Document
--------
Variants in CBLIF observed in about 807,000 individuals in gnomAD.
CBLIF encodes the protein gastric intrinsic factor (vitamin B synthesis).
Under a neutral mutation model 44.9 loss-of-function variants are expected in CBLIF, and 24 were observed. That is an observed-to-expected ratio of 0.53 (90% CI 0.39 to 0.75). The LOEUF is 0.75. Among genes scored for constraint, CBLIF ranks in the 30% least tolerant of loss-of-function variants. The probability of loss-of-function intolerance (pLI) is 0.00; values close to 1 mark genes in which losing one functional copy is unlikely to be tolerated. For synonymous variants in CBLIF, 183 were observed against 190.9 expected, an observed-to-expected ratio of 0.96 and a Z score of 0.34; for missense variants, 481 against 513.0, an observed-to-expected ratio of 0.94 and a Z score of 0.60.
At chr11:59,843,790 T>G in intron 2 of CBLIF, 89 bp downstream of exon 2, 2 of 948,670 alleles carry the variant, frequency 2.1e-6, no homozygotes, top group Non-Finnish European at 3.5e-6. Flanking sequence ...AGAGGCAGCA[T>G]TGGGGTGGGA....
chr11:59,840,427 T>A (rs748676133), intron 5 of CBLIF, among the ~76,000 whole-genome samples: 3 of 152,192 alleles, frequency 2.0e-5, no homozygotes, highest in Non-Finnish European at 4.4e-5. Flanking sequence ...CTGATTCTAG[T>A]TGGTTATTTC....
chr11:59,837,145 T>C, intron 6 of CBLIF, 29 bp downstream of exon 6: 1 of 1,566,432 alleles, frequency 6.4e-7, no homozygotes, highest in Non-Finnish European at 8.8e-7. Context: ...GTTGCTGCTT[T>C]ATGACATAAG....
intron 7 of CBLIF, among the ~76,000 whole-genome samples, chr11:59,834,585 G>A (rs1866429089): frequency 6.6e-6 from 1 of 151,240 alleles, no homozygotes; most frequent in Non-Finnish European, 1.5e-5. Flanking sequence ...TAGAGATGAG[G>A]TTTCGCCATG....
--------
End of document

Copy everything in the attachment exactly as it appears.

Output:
Variants in CBLIF observed in about 807,000 individuals in gnomAD.
CBLIF encodes the protein gastric intrinsic factor (vitamin B synthesis).
Under a neutral mutation model 44.9 loss-of-function variants are expected in CBLIF, and 24 were observed. That is an observed-to-expected ratio of 0.53 (90% CI 0.39 to 0.75). The LOEUF is 0.75. Among genes scored for constraint, CBLIF ranks in the 30% least tolerant of loss-of-function variants. The probability of loss-of-function intolerance (pLI) is 0.00; values close to 1 mark genes in which losing one functional copy is unlikely to be tolerated. For synonymous variants in CBLIF, 183 were observed against 190.9 expected, an observed-to-expected ratio of 0.96 and a Z score of 0.34; for missense variants, 481 against 513.0, an observed-to-expected ratio of 0.94 and a Z score of 0.60.
At chr11:59,843,790 T>G in intron 2 of CBLIF, 89 bp downstream of exon 2, 2 of 948,670 alleles carry the variant, frequency 2.1e-6, no homozygotes, top group Non-Finnish European at 3.5e-6. Flanking sequence ...AGAGGCAGCA[T>G]TGGGGTGGGA....
chr11:59,840,427 T>A (rs748676133), intron 5 of CBLIF, among the ~76,000 whole-genome samples: 3 of 152,192 alleles, frequency 2.0e-5, no homozygotes, highest in Non-Finnish European at 4.4e-5. Flanking sequence ...CTGATTCTAG[T>A]TGGTTATTTC....
chr11:59,837,145 T>C, intron 6 of CBLIF, 29 bp downstream of exon 6: 1 of 1,566,432 alleles, frequency 6.4e-7, no homozygotes, highest in Non-Finnish European at 8.8e-7. Context: ...GTTGCTGCTT[T>C]ATGACATAAG....
intron 7 of CBLIF, among the ~76,000 whole-genome samples, chr11:59,834,585 G>A (rs1866429089): frequency 6.6e-6 from 1 of 151,240 alleles, no homozygotes; most frequent in Non-Finnish European, 1.5e-5. Flanking sequence ...TAGAGATGAG[G>A]TTTCGCCATG....